May 1, 2000
THE LINER NOTES:
Carrie was the most comfortable person I had ever been with up to this point in my life. She was so easy to be around. I didn’t have to fake anything. Not that I was necessarily prone to faking or pretending to be someone I wasn’t, but I’ve always felt the need to try a little harder with other people to come off as a little better than I am actually am. Because what I actually am is a giant dork.
The summer before this, I fell for a woman named Kirsten. And, holy shit, she kinda fell for me. And I was nervous as hell, for a lot of reasons. But my life was changing, and I wanted to see where things might go. I tried to be a better, cooler me around her. It worked for a little while. But it wasn’t me.
At work the rest of that year, I was slowly moving up the ranks. Where I started as a financial customer service rep, I was now close to becoming manager of the department’s Help Desk. All day, it was stocks and mutual funds and industrial averages. I was good at it and I even enjoyed puzzling through the numbers and calculations of monthly statements of earnings and losses. But it wasn’t me.
Before meeting Carrie, I was flirting my way through as many women as I came in contact with. At work, at parties, on the T, I was trying hard to be the adorable funny guy that women would be drawn to and undress around. And I was fairly successful at it, compared to all the years prior to this. And, let’s face it, I am adorable and funny. But I was overthinking the effort to the point where it was all more of an act than it was actually me.
Even with my roommate Tim, the one other person in my life who I was probably the most “me”around, there was still a bit of an act. We wanted to be the Chandler and Chandler of Selkirk Ave. (Neither one of us could be the Joey). So we always tried to be a little “more” than we were. Yes, we were ourselves, but often as a performance of our best selves– always trying to be just a little funnier, a little cooler, a little more confident than we actually were.
But with Carrie, I wasn’t trying to be anything. I was just me. My actual, true, annoying dorky self. We didn’t go on a lot of “dates.” We just kind of started hanging out with each other. We’d rent movies, watch TV, take turns playing Tetris on one of her roommate’s Gameboys. Occasionally we would even look at each other and talk. And when we did, it was silly, fun and honest. There was no pretense with Carrie. In either direction. I could be my true self because she I was being her true self… I think. I assumed she was. Every moment with Carrie was simple joy.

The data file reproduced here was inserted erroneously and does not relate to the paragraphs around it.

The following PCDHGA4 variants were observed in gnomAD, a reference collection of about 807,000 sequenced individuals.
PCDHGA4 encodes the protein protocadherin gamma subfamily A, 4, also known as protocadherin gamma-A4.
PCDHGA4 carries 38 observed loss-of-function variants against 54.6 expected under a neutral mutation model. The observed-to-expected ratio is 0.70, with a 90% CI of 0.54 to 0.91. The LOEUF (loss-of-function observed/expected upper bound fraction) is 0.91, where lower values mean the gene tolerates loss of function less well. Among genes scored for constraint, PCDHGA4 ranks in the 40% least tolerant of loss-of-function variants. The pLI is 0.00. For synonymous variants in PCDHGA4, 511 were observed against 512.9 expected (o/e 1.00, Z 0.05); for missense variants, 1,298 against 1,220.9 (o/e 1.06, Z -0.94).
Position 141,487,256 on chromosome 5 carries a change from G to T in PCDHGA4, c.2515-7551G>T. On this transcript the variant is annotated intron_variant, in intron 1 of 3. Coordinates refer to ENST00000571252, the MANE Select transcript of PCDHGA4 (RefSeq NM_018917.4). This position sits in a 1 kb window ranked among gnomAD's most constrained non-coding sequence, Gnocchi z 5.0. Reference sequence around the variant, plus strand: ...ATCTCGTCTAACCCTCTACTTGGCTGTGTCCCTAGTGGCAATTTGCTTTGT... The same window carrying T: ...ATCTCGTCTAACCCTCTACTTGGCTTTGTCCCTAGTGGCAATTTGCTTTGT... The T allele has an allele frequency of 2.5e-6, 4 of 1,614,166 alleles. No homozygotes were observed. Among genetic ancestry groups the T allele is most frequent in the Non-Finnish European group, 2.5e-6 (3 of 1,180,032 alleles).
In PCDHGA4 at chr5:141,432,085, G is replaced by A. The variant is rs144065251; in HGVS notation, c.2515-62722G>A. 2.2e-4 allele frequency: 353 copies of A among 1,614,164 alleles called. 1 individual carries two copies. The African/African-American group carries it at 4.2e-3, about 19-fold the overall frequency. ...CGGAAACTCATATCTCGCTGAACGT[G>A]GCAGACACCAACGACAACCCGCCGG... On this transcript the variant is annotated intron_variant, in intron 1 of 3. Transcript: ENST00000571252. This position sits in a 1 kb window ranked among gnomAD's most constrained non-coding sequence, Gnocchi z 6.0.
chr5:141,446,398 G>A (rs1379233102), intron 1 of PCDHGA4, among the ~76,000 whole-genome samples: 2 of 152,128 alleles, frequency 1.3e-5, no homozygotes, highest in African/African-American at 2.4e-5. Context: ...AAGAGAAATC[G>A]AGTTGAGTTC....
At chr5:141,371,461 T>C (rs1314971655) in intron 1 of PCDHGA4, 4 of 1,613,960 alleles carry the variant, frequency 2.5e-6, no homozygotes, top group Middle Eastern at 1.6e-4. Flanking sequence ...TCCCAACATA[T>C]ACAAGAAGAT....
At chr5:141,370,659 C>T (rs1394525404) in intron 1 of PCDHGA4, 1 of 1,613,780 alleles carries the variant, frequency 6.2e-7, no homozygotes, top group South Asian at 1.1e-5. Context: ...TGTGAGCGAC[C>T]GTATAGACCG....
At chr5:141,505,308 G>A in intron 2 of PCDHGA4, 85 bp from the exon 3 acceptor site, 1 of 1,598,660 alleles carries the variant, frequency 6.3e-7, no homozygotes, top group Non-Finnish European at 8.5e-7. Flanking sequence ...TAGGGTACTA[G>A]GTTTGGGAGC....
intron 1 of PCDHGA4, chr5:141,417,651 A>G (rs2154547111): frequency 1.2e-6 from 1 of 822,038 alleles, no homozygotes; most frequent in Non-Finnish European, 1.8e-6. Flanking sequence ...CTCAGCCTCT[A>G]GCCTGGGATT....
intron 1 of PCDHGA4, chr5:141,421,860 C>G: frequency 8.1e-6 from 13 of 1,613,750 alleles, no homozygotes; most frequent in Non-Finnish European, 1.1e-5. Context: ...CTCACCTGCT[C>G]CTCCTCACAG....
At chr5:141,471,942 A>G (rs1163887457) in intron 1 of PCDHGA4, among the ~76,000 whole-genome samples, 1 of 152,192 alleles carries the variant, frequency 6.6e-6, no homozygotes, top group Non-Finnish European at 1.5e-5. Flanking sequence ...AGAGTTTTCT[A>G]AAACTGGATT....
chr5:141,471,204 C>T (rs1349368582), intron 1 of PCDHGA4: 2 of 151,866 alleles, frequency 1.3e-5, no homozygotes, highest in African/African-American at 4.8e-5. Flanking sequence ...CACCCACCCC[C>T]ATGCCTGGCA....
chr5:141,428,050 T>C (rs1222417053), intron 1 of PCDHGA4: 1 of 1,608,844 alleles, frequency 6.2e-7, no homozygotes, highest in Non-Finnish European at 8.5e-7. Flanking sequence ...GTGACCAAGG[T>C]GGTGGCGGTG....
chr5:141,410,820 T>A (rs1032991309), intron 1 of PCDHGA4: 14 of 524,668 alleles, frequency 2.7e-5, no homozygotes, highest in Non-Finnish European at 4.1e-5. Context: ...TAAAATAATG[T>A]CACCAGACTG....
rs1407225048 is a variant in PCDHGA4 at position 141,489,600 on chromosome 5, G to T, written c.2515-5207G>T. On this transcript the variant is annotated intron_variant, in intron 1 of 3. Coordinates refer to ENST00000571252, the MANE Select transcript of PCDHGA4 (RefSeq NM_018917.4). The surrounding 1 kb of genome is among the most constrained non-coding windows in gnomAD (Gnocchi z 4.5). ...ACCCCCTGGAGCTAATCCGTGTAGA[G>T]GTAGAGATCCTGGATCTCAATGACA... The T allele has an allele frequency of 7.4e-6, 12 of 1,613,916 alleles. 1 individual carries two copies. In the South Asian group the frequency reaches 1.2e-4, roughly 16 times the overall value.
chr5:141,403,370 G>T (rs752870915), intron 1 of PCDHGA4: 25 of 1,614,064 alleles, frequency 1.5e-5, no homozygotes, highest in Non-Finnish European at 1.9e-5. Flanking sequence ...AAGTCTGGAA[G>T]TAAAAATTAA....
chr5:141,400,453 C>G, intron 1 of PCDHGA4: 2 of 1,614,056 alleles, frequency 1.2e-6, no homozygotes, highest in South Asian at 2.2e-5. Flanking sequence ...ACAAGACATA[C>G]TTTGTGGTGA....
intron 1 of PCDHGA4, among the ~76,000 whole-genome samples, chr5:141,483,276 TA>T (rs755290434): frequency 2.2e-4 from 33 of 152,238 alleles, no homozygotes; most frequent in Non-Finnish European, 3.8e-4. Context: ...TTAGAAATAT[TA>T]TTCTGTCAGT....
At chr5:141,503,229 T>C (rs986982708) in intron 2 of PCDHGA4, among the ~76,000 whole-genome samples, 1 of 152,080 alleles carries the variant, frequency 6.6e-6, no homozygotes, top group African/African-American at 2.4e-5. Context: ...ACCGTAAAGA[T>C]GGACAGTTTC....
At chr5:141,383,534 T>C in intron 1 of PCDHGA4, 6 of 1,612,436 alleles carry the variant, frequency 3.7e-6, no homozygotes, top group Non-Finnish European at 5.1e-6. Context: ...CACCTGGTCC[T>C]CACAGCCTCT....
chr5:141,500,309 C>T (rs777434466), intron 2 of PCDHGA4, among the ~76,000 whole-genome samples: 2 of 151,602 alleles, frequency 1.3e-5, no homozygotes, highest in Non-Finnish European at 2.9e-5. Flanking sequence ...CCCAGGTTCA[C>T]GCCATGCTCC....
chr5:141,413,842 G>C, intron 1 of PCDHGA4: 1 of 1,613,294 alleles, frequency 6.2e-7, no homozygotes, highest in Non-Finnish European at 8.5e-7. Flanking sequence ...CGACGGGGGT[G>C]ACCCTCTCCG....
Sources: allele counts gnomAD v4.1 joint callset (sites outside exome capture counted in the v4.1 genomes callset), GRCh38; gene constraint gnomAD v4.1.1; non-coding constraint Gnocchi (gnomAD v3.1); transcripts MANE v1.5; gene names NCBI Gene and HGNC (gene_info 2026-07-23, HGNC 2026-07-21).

Kissing her was also fantastic. And all the other stuff, too. By which I mean the sex. And I only bring up carnal facts to use the following as an example of how at ease we were with each other– we laughed a lot during sex. We laughed a lot together in general, but when we made love, we laughed. A lot. No one had ever made me feel so good. So happy. So at peace.
Which is why, in the spring of 2000, we started talking about breaking up.
THAT’S GREAT, BUT HOW’S THE MIX?:
- “Camp Hill Rail Operator” – Cotton Mather
- “I Would Hurt a Fly” – Built to Spill
- “I Know What I’m Here For” – James
- “Close the Door” – Idlewild
- “Like You” – Kristen Hersh
- “Circles” – Soul Coughing
- “Song 2” – Blur
- “Airline to Heaven” – Wilco
- “You Can See Me” – Supergrass
- “Dog Got a Bone” – The Beta Band
- “Bust a Move” – Young MC
- “Waster” – Gomez
- “July” – Ocean Colour Scene
- “High and Dry” – Radiohead
- “Snake Face” – Throwing Muses
- “I Am the Very Model of a Cartoon Individual” – The Animaniacs
- “The Only One I Know” – The Charlatans UK
- “Weird” – Sebadoh
- “One Way Road” – Oasis
- “Ruby Soho” – Rancid
- “Swallow” – Sleeper
- “Naomi” – Neutral Milk Hotel
- “Machismo” – Gomez
- “All in the Groove” – Blue Traveler
- “Why Bother?” – Weezer
- “Rock in the Rain” – Money Mark
- “Center of Attention” – Guster
- “Slack Jaw” – The Bluetones
- “Line Up” – Elastica
- “Leave the Biker” – Fountains of Wayne
- “Rude Can’t Fail” – The Clash
- “She Said” – Longpigs
- “Yakko’s World” – The Animaniacs
As this tape played through its sequence, I was having a hard time recalling it. Most of these tapes have had at least a transition or two that I remembered– where one song ends and I can instinctively hear the next song starting before it actually does. A sense memory– a flash of a moment on the T or walking through the snow while a certain set of songs played. But with Little Help? that wasn’t happening. And then it hit me. When the Animaniacs came on, it hit me.